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'The Dictator' Rules With A Satirist's Fist

Sacha Baron Cohen plays Admiral General Aladeen, the authoritarian, anti-Semitic and unexpectedly sympathetic protagonist of <em>The Dictator</em>.
Melinda Sue Gordon
Paramount Pictures
Sacha Baron Cohen plays Admiral General Aladeen, the authoritarian, anti-Semitic and unexpectedly sympathetic protagonist of The Dictator.

Many fans will be disappointed that Sacha Baron Cohen's The Dictator is a more or less conventional comedy and not an ambush-interview mockumentary in the style of Borat and Bruno. But that guerrilla-clown shtick would be tough to sustain: Why not let him try something else? The good news is that The Dictator is loose and slap-happy and full of sharp political barbs and has funny actors moving in and out — and at a lickety-split 83 minutes, it doesn't wear out its welcome.

Baron Cohen plays Haffaz Aladeen, the authoritarian ruler of the fictional African nation of Wadiya, a cross between Gadhafi and Kim Jong Il. This raging egomaniac with his ridiculous fur-ball beard orders his surname to be used in place of such common words as "Yes" and "No," which means you can't tell what anyone means when they answer "Aladeen" — and if you complain about that or anything else, he'll have his guards haul you off to be beheaded.

Aladeen controls a vast oil supply and is building nuclear warheads, which he tells the world will be used for "peaceful purposes" — but has the giggles before getting the words out. He hates Israel. For fun, he watches tapes of the '72 Munich Olympics massacre.

Baron Cohen loves portraying anti-Semites as imbeciles. The title links the film to Chaplin's Hitler satire The Great Dictator. But my guess is that there's also a process at work here that psychiatrists call identifying with the aggressor: You assume the role of people that you fear.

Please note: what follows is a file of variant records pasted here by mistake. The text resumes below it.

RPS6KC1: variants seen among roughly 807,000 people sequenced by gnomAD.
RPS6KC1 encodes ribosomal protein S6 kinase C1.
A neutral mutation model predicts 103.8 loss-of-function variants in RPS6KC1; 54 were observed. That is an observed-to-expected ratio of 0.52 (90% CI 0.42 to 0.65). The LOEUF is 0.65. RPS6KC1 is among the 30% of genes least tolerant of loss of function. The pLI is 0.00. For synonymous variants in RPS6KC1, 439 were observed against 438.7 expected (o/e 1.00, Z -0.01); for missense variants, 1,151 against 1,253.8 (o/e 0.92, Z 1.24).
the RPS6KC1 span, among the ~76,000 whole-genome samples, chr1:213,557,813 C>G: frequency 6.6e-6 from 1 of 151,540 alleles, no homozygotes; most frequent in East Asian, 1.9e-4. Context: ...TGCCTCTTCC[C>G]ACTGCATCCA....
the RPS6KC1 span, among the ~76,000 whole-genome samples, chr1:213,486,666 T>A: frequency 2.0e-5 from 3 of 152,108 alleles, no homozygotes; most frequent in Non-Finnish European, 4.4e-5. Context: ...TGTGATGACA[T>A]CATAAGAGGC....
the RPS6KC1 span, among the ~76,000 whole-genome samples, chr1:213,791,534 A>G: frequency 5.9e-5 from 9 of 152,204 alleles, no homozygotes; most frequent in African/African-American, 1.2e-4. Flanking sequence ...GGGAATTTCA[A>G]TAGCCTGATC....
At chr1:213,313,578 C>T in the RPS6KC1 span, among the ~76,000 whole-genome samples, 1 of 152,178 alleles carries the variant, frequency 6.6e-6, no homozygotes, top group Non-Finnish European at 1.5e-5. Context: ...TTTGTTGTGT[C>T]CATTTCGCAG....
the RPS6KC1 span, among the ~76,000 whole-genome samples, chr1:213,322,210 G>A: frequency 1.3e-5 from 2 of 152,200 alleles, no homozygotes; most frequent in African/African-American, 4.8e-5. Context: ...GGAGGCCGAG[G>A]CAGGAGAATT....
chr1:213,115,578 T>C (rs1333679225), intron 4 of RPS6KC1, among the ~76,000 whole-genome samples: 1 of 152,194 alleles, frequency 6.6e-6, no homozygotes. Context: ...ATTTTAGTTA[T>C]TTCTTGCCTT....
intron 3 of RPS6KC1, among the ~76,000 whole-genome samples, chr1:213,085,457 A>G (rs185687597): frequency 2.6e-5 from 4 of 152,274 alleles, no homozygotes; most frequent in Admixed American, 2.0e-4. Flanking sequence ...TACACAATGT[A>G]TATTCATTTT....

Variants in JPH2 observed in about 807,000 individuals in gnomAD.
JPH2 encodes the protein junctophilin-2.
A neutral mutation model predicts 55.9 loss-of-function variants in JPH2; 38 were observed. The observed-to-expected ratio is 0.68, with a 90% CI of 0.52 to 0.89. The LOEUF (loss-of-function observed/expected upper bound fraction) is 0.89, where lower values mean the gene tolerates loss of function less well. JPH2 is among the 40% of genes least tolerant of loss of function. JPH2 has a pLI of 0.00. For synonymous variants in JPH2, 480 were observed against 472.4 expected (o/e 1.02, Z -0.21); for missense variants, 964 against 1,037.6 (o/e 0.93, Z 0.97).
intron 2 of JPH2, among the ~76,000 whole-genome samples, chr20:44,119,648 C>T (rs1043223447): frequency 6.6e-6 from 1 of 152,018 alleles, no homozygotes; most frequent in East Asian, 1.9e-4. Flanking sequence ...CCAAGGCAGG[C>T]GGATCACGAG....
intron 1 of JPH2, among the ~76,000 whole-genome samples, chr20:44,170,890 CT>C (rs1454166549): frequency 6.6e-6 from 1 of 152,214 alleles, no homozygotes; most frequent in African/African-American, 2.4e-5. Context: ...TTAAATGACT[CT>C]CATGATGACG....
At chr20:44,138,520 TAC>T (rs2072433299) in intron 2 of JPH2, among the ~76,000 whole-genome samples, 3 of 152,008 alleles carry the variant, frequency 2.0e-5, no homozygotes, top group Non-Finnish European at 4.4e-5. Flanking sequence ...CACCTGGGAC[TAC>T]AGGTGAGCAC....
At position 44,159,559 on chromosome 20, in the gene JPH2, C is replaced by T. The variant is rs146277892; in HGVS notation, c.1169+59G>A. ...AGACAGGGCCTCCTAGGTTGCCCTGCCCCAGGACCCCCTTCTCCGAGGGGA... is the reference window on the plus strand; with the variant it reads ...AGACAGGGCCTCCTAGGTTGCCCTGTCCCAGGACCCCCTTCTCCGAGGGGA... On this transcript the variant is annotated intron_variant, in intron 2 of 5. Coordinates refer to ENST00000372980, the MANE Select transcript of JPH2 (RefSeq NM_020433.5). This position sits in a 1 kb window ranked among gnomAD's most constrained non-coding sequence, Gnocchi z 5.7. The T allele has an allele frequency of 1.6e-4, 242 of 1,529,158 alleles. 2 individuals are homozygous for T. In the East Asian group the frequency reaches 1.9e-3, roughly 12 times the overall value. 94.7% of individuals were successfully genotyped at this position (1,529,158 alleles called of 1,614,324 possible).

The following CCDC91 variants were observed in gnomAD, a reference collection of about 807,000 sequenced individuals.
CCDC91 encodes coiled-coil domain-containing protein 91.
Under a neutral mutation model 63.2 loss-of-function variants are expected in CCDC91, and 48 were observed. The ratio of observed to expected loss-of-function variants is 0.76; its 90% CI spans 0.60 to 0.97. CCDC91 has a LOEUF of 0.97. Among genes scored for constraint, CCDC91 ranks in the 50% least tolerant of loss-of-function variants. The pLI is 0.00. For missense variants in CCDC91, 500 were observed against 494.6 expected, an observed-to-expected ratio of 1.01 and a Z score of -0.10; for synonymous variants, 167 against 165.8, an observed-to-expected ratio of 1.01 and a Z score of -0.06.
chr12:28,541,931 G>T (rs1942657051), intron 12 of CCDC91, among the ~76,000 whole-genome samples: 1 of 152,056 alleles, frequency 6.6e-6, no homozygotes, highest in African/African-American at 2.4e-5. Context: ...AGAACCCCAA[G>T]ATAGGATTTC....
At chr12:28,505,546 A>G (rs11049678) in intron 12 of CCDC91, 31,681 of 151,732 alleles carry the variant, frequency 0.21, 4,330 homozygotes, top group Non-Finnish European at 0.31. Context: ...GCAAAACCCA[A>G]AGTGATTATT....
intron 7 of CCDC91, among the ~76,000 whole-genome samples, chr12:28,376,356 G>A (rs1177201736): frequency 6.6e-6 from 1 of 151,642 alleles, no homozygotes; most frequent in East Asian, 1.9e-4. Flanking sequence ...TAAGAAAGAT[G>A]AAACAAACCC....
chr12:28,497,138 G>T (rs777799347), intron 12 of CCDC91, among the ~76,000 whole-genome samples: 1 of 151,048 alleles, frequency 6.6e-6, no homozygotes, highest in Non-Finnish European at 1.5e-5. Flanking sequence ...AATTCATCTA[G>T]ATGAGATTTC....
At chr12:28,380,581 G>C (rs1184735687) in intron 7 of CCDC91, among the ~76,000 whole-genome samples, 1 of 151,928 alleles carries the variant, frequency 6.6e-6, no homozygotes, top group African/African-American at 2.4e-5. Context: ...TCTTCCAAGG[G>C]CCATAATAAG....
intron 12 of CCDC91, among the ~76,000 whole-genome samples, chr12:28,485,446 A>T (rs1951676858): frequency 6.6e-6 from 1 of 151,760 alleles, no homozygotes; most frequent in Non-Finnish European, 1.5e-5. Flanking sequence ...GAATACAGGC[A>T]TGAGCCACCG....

Baron Cohen's identification with Aladeen is so strong that you end up rooting — yes, rooting — for the dictator, because this idiot is more likable than his chief aide, Tamir, played by a dour Ben Kingsley. Tamir arranges to have Aladeen murdered en route to a U.N. speech and make Wadiya a democracy, not because he gives a hoot about the people, but because it would open up the country to U.S. oil companies and make him insanely wealthy.

The kidnapped Aladeen proves wonderfully resourceful. He gets the upper hand on his torturer by shaming the man for his outdated instruments and reminding him that without a splash guard, he'll wreck his suit with all the blood. After escaping, the now-beardless dictator takes refuge in a collectively run Manhattan health-food store overseen by Zoey, a human-rights activist played by the utterly delightful Anna Faris.

The Dictator is the kind of anti-fascist movie that has you cheering when Aladeen takes a job in that lefty store and wins over its staff by using brutal, authoritarian techniques on the city health inspector. He and Zoey are an unlikely couple, but when she says, "The police here are such racists," and he says, "Yeah, and not in a good way," they have a real rapport.

The Dictator doesn't approach the greatest of all American anti-war farces, the Marx Brothers' Duck Soup, but Baron Cohen and director Larry Charles are certainly in the arena. In a climactic speech, Aladeen extols the benefits of a dictatorship over a democracy, which gives leaders, he says, power to declare war unilaterally, violate civil liberties, and structure the economy so the rich get richer and the poor stay poor. The speech is a triumph of the satirist's art. I wish we had more American movies like this — entertainments that mix low farce and high political satire, reminding us that extreme silliness does not preclude extreme seriousness. The Dictator rules!

Copyright 2021 NPR. To see more, visit https://www.npr.org.

David Edelstein is a film critic for New York magazine and for NPR's Fresh Air, and an occasional commentator on film for CBS Sunday Morning. He has also written film criticism for the Village Voice, The New York Post, and Rolling Stone, and is a frequent contributor to the New York Times' Arts & Leisure section.

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